Tetrax tetrax

Tetrax tetrax (*)

Cladus: Eukaryota
Supergroup: Opisthokonta
Regnum: Animalia
Subregnum: Eumetazoa
Cladus: Bilateria
Cladus: Nephrozoa
Cladus: Deuterostomia
Phylum: Chordata
Subphylum: Vertebrata
Infraphylum: Gnathostomata
Superclassis: Tetrapoda
Classis: Aves
Subclassis: Carinatae
Infraclassis: Neornithes
Parvclassis: Neognathae
Ordo: Gruiformes
Familia: Otididae
Genus: Tetrax
Species: Tetrax tetrax

Name

Tetrax tetrax Linnaeus, 1758

Vernacular name
Internationalization
Ελληνικά: Χαμωτίδα
English: Little Bustard
日本語: ヒメノガン
Türkçe: Mezgeldek

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The Little Bustard, Tetrax tetrax, is a large bird in the bustard family, the only member of the genus Tetrax. It breeds in southern Europe and in western and central Asia. Southernmost European birds are mainly resident, but other populations migrate further south in winter. The central European population once breeding in the grassland of Hungary went extinct several decades ago.

This species is declining due to habitat loss throughout its range. It used to breed more widely, for example ranging north to Poland occasionally (Tomek & Bocheński 2005). It is only a very rare vagrant to Great Britain despite breeding in France.

Although the smallest Palearctic bustard, Little Bustard is still pheasant-sized at 45 cm long with a 90 cm wingspan. In flight, the long wings are extensively white. The breeding male is brown above and white below, with a grey head and a black neck bordered above and below by white.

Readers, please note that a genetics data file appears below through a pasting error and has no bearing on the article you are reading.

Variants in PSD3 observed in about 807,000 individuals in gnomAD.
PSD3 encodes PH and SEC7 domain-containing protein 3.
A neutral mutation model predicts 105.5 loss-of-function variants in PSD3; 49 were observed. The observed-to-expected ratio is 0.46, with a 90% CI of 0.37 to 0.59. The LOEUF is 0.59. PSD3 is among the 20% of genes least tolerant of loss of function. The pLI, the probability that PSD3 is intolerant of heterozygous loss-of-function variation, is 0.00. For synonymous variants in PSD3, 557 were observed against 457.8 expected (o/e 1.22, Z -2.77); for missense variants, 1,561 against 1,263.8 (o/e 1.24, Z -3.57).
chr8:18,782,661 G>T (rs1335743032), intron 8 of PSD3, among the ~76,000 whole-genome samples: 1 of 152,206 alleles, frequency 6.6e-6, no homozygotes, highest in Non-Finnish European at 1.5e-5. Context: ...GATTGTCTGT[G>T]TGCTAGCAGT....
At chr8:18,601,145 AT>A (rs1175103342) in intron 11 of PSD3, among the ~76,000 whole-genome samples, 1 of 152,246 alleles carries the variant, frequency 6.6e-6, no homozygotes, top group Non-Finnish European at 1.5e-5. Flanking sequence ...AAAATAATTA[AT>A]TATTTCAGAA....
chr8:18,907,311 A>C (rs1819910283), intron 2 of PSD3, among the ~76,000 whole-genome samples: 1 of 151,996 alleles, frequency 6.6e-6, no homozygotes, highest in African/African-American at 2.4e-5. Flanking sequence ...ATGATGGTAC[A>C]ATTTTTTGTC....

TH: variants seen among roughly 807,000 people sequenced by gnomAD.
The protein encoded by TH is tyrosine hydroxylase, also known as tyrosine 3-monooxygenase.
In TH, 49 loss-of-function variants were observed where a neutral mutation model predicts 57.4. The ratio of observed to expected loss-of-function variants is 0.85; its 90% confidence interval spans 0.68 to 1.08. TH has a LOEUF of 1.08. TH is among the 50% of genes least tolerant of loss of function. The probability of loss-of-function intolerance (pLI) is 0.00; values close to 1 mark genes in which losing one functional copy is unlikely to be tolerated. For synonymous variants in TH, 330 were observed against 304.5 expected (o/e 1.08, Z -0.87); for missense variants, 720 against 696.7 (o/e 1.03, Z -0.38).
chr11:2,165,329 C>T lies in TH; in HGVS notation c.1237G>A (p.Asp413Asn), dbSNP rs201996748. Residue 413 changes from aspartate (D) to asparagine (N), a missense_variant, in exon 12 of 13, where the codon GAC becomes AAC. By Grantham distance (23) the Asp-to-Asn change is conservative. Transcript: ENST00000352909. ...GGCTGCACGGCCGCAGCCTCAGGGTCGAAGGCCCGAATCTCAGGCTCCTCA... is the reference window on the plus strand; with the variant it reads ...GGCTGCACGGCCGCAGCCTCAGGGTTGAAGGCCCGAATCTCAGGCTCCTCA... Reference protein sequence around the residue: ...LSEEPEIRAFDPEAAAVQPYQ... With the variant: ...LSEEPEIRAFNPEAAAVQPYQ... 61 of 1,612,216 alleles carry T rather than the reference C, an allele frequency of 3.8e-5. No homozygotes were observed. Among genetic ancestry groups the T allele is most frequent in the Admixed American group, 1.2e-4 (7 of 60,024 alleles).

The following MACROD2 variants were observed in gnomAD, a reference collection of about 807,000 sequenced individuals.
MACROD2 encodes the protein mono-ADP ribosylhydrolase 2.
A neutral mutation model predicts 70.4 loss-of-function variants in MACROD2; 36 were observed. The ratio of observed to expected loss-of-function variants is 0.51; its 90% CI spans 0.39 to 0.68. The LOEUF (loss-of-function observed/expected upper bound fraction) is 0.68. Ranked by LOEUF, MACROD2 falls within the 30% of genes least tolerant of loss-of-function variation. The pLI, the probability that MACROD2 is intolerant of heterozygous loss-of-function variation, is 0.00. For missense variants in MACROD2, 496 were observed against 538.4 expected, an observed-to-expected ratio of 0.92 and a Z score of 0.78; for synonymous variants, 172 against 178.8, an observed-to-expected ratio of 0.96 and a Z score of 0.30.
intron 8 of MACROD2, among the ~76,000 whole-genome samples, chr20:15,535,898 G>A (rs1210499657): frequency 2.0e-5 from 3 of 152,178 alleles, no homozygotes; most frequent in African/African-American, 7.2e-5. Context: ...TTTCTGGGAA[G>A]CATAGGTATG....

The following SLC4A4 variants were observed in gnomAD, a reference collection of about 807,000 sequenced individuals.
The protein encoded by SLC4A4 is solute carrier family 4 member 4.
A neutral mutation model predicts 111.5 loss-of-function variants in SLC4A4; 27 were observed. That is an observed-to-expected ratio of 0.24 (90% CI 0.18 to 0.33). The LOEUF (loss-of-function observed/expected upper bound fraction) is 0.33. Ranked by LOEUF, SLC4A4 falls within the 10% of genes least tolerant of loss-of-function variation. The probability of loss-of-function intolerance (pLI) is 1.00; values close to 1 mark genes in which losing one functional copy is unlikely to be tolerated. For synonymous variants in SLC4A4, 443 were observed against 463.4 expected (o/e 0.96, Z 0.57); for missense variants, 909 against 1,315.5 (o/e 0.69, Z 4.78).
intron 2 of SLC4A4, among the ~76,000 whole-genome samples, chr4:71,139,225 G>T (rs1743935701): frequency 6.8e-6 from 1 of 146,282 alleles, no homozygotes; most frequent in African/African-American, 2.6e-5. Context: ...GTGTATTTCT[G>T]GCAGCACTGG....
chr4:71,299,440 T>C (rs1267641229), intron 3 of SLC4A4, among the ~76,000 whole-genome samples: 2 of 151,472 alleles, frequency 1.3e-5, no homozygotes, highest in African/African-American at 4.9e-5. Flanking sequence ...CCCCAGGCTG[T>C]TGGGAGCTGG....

The female and non-breeding male lack the dramatic neck pattern, and the female is marked darker below than the male. Immature bustards resemble females. Both sexes are usually silent, although the male has a distinctive "raspberry-blowing" call "prrt".

This species is omnivorous, taking seeds, insects, rodents and reptiles. Like other bustards, the male Little Bustard has a flamboyant display with foot stamping and leaping in the air. Females lay 3 to 5 eggs on the ground.

This bird's habitat is open grassland and undisturbed cultivation, with plants tall enough for cover. It has a stately slow walk, and tends to run when disturbed rather than fly. It is gregarious, especially in winter.

References

* BirdLife International (2004). Tetrax tetrax. 2006. IUCN Red List of Threatened Species. IUCN 2006. www.iucnredlist.org. Retrieved on 11 May 2006. Database entry includes a brief justification of why this species is near threatened

* Tomek, Teresa & Bocheński, Zygmunt (2005): Weichselian and Holocene bird remains from Komarowa Cave, Central Poland. Acta zoologica cracoviensia 48A(1-2): 43-65. PDF fulltext

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